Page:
Question: Where have all the Gophers gone? Rich Schiek <[email protected]> asks: "Several years ago when the Web was just starting there were some other technologies for sharing text-based data over the Internet. The two I recall are Gopher and WAIS, which could be used to search for weather information, university library catalogs, etc. Have these tools gone the way of the TTY terminal? Everyone has a Web page but does anyone still have a Gopher hole?"
Answer: Ah, Rich, thanks for reminding us of the good old days before the Web, when, to find much of anything on the Internet, we had to telnet barefoot to it in the snow, pushing our packets uphill all the way. Yes, Gopher and WAIS (which stands for Wide Area Information Servers) were alternate methods of publishing and searching for information on the Internet before the Web. Gopher was developed by the University of Minnesota – their mascot is a gopher – and pioneered the concept of linking sites together, since an item in a Gopher menu could be either a local file or a link to a file on another Gopher server. In fact, Gopher could handle data types other than text, but only as items in a menu, in contrast to the way graphics or movies can mix with text on Web pages.
WAIS was somewhat different. Developed by Brewster Kahle while at the supercomputer company Thinking Machines, WAIS servers were basically massive databases of text. WAIS servers provided English-like search facilities and presented the results with ranking (how likely the result was to answer your question) and relevance feedback (which enables you to say "Find me more like this one"), both of which were cutting edge concepts at the time.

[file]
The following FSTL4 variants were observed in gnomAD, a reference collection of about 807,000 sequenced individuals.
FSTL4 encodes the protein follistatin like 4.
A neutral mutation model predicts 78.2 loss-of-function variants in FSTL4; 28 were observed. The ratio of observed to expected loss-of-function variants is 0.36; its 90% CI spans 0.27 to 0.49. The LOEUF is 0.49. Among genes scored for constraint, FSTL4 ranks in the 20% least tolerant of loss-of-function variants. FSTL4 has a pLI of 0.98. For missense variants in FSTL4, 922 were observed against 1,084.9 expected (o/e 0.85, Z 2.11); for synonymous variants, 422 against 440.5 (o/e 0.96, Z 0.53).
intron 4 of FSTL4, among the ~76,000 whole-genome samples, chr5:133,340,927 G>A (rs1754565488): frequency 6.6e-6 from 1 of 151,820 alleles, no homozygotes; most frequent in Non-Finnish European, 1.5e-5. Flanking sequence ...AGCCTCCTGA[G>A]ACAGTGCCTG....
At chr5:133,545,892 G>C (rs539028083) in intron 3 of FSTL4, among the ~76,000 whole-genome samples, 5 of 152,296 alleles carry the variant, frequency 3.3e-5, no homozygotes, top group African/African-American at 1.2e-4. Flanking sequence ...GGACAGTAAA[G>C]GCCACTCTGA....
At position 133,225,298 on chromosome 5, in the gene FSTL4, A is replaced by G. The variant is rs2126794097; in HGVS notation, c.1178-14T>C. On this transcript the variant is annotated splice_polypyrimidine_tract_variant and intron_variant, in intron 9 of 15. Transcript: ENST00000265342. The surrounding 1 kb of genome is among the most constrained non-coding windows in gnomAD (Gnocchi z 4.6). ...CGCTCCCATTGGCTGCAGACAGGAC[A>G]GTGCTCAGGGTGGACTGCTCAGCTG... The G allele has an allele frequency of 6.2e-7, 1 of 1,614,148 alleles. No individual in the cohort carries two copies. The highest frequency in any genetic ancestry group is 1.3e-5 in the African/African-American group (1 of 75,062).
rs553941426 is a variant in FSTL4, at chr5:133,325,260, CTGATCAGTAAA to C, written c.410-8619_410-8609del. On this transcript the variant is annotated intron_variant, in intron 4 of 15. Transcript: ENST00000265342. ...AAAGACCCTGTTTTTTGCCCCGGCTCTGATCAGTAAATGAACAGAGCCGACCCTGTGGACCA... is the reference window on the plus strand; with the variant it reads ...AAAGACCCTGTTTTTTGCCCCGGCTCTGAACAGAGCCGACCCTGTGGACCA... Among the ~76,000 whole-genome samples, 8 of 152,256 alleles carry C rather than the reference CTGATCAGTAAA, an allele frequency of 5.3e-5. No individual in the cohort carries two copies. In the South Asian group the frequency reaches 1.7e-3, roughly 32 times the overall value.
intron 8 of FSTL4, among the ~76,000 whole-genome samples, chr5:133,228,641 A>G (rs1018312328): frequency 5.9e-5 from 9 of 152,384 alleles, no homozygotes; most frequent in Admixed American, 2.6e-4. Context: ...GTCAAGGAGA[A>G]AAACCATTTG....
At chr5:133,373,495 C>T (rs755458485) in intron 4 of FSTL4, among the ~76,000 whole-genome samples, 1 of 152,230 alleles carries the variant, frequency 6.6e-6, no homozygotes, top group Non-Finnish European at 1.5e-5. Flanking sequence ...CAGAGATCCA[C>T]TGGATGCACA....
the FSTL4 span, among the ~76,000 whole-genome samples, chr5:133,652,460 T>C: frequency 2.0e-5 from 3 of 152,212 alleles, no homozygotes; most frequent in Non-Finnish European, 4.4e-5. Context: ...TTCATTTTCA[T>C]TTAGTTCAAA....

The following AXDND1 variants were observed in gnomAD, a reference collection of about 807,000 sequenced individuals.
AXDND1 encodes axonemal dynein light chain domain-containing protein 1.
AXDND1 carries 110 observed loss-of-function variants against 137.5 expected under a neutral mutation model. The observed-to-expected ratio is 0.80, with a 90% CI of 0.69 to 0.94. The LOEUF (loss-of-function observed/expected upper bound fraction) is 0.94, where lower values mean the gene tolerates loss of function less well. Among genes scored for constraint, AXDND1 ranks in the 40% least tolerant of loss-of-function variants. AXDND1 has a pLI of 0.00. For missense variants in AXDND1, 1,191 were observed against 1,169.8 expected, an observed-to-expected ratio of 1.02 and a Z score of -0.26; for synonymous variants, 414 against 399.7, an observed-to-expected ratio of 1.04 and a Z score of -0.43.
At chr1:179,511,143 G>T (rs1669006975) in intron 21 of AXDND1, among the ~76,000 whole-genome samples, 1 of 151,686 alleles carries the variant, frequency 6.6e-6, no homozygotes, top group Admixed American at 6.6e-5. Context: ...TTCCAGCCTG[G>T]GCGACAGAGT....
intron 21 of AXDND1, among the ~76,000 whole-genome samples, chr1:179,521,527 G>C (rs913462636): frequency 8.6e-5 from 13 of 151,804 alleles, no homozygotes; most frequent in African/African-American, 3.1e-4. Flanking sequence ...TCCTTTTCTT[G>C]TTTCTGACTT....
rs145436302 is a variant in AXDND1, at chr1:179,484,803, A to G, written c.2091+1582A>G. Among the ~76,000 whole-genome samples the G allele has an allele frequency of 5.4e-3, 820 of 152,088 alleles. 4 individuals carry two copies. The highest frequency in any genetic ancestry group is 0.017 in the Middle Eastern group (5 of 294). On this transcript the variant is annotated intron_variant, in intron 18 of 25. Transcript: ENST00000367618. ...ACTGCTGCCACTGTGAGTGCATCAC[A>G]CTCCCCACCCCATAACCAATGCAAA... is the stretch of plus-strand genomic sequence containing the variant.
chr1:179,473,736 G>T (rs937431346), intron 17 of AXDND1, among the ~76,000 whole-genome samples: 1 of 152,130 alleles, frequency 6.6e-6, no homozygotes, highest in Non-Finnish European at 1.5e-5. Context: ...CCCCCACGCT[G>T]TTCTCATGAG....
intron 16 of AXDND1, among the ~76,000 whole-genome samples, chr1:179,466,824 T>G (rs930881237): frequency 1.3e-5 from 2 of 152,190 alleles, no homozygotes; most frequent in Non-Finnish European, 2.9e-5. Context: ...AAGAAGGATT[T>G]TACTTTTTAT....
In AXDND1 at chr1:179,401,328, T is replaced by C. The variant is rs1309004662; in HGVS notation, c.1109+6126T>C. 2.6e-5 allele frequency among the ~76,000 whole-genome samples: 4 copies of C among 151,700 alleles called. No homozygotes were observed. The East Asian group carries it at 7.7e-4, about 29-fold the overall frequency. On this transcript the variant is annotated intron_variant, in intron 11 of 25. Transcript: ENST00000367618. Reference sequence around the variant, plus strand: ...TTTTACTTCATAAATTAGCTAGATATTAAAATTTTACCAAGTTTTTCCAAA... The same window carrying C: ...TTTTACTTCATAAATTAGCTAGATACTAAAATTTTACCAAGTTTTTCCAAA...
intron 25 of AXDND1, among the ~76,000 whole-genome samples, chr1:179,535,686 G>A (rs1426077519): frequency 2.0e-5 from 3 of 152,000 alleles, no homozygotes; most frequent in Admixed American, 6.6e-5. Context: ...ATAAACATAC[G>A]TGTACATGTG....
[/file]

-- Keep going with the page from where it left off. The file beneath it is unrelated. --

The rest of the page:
What’s happened to these services? Although it’s still available, Gopher isn’t used much any more, especially for new services, although most Web browsers work with Gopher servers. WAIS was spun out of Thinking Machines into a company called WAIS, Inc., and was then purchased by America Online. Since then the only place you might find a WAIS server is as the back end of search engines accessed via Web sites. If you’re interested in learning more about these essentially obsolete services, you might check out what I wrote about them back in 1995 in Chapter 9 of the third edition of my Internet Starter Kit for Macintosh, which is old but still online in its entirety. [ACE]